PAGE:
• The Centers for Medicare & Medicaid Services (CMS) announced that they are beginning to update their CMS Emergencies Page with resources to help providers and states as the COVID-19 public health emergency (PHE) declaration ends. The Biden Administration announced that it intends to allow the COVID-19 national emergency declaration to expire on May 11, 2023. CMS and states implemented numerous flexibilities to preserve access to essential health care during the PHE. The Consolidated Appropriations Act of 2023 extended several key telehealth and Acute Hospital Care at Home waivers beyond the end of the PHE, but other flexibilities are still set to expire with the PHE declaration. CMS states they will continue to update the resources on the emergencies page as the end of the PHE approaches.

  • On Thursday, the CDC and Prevention Advisory Committee on Immunization Practices (CDC ACIP) released updated vaccination schedules for children and adolescents as well as adults that include COVID-19 vaccines. CDC generally recommends healthy adults and children receive two doses of the vaccine followed by a booster dose, and immunocompromised individuals should receive three doses of the vaccine followed by a booster. The updated vaccination schedule has been approved by the American Academy of Pediatrics, American Academy of Family Physicians, and other leading medical associations. However, states and local governments are not mandated to require the complete vaccination schedule for students, so some school districts still may not require COVID-19 vaccinations.

Congressional Action

Recently, 74 House lawmakers sent a letter to Department of Health and Human Services (HHS) Secretary, Xavier Becerra and Centers for Medicare & Medicaid Services (CMS) Administrator, Chiquita Brooks-LaSure, urging Medicare to reconsider its determination of certain Alzheimer’s drugs, including the newly approved Leqembi. Representatives noted they are encouraged that CMS is open to reconsidering the National Coverage Determination (NCD) of monoclonal antibodies treating Alzheimer’s and other dementia, and hope Coverage with Evidence Development (CED) requirements for Food and Drug Administration (FDA)-approved monoclonal antibodies (mAbs) directed against amyloid for the treatment of Alzheimer’s disease will be reconsidered.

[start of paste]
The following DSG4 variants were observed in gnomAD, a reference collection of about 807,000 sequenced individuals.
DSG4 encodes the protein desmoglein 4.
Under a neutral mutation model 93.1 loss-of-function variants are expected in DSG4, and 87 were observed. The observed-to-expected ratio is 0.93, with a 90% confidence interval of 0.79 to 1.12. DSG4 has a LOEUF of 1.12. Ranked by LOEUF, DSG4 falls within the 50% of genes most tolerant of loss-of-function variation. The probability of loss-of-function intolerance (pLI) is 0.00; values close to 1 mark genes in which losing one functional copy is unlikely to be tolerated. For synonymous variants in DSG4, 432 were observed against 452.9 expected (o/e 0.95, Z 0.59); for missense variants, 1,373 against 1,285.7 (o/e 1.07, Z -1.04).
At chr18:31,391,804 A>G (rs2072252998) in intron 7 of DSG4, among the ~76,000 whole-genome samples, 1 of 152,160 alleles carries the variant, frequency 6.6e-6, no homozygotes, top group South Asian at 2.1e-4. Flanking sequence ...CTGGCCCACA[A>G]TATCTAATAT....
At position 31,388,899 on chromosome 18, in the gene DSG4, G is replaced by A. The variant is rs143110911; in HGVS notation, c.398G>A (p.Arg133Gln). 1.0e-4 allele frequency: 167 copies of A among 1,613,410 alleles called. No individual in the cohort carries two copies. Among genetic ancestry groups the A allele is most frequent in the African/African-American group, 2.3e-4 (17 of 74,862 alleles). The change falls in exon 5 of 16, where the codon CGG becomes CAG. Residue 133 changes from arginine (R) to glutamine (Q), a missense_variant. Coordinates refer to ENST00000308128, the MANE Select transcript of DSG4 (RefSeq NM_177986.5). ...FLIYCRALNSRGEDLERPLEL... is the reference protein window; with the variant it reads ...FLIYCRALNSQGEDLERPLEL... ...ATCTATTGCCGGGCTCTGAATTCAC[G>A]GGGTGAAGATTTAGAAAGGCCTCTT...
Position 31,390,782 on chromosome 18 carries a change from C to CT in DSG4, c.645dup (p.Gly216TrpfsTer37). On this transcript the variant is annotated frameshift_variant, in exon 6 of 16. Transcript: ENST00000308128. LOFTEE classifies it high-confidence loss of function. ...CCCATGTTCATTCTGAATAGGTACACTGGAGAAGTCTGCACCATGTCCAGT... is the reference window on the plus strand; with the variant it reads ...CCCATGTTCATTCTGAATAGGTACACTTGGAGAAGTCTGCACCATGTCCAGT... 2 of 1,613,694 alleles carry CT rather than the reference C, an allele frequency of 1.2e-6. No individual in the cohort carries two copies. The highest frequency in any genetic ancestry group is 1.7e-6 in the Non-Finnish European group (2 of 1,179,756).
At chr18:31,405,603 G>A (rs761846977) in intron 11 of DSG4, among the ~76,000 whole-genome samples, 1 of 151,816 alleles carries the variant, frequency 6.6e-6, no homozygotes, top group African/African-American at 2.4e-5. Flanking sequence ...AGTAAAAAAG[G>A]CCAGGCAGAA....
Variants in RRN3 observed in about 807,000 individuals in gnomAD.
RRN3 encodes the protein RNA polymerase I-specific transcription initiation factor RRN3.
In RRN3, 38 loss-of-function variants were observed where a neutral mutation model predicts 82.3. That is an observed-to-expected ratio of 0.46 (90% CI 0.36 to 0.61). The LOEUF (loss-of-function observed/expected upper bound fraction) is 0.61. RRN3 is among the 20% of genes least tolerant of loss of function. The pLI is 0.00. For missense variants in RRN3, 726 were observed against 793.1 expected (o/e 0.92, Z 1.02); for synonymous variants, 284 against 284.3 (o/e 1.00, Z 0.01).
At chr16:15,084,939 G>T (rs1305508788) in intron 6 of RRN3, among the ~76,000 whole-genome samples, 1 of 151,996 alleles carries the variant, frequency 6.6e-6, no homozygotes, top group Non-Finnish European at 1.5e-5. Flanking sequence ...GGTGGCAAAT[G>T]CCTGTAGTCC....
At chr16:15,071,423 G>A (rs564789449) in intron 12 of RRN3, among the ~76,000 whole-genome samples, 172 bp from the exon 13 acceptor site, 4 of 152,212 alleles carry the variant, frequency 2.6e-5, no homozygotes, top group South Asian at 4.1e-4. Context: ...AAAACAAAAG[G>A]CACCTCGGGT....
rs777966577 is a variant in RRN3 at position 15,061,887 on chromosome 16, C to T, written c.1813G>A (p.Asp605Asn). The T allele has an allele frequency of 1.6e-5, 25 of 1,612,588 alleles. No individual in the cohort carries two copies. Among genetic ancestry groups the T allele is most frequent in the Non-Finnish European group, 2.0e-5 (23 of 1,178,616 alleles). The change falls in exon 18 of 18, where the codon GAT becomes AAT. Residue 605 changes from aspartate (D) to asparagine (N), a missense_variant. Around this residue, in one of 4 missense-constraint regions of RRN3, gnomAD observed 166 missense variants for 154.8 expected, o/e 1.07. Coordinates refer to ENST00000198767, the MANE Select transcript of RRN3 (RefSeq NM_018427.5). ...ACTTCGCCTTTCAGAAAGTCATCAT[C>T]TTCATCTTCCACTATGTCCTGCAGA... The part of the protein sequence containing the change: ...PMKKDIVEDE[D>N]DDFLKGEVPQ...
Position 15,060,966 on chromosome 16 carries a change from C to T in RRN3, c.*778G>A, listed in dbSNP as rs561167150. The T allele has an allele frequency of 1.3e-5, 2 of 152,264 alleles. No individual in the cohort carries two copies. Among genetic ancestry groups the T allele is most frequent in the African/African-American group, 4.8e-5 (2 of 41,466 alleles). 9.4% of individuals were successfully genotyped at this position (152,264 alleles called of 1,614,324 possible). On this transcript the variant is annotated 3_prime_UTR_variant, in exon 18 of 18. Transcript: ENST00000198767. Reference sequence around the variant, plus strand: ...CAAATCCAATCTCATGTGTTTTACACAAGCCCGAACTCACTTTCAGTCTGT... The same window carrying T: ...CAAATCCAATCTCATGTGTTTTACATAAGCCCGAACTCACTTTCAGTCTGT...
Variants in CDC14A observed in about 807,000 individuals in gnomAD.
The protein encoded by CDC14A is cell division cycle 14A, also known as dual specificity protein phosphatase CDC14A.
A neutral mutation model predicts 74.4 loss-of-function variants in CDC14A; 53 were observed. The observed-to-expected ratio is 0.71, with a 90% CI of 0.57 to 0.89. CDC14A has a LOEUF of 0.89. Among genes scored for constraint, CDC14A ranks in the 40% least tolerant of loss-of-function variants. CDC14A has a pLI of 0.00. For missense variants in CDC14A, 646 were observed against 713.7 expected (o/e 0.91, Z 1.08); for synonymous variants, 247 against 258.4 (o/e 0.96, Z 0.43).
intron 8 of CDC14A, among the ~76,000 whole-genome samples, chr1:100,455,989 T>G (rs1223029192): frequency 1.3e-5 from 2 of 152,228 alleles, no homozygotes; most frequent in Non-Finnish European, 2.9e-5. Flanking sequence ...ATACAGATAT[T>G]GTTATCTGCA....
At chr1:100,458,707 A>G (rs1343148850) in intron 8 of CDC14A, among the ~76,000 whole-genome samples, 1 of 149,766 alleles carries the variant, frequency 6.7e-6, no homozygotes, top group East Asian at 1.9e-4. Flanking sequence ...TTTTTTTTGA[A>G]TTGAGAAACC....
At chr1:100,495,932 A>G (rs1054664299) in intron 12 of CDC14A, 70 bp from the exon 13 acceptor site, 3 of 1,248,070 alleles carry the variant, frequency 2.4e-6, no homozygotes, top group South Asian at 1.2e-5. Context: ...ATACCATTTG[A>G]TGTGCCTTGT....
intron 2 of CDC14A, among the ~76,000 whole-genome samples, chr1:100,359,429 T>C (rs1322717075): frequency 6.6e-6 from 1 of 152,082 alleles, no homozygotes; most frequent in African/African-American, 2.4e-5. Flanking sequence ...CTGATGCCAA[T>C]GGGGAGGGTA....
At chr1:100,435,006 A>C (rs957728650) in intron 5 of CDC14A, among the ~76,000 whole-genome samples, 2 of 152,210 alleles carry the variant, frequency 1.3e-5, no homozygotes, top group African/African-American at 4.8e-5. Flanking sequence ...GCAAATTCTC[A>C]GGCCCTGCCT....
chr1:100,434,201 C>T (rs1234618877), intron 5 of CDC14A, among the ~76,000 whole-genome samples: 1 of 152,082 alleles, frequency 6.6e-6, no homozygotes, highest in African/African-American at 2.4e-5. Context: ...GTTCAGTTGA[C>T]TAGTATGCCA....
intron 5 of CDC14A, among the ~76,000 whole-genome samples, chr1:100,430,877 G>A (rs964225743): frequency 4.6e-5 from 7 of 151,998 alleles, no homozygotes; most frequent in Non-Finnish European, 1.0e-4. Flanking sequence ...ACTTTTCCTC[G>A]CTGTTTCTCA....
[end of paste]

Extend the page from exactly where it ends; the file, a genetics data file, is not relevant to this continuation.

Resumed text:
Medicare

Health Affairs published an article on potential payment for comprehensive dementia care. More than 6.5 million older Americans are living with Alzheimer’s disease today, a number projected to double by 2050. The Alzheimer’s Association estimates that Medicare spent $146 billion on Alzheimer’s disease in 2022. 

Medicaid

  • On Wednesday, the Center for Health Care Strategies and Association for Community Affiliated Plans jointly released a new report reviewing how twelve states have utilized Medicaid managed care organizations (MCOs) to address the health-related social needs (HRSN) of beneficiaries. The report also notes that states are increasingly using value-based payment or community reinvestments to direct Medicaid funding from managed care organizations to providers and community-based organizations to support their SDOH-related activities. Finally, the report offers recommendations on how federal policymakers and the CMS can continue to support states and MCOs, which include continuing to use Medicaid funds to expand access to HRSN services, supporting accurate medical loss ratio (MLR) reporting and capitation rates, and allowing states to test new approaches to financing HRSN services and infrastructure.

  • Last month, the Medicaid and CHIP Payment and Access Commission (MACPAC) held its January policy meeting. The Commissioners discussed several issues related to Medicaid payment policy. Healthsperien was there to cover the January MACPAC meetings. Click here to access Healthsperien’s comprehensive summary. 

Research

recent survey commissioned by the Alliance for Women’s Health and Prevention (AWHP) found that 45 percent of American women skip preventative care services including check-ups, cancer screenings and vaccinations, often due to the cost of care. The poll found that the top two reasons that women skipped care were out-of-pocket costs (25 percent) and time restraints (23 percent). The study found that social determinants of health contribute to disparities in preventative care. The survey comes as the Affordable Care Act requirement that insurers cover preventive services that are “A” or “B” grade by the U.S. Preventive Services Task Force cost-free is at risk due to a pending district court decision in Braidwood v. Becerra.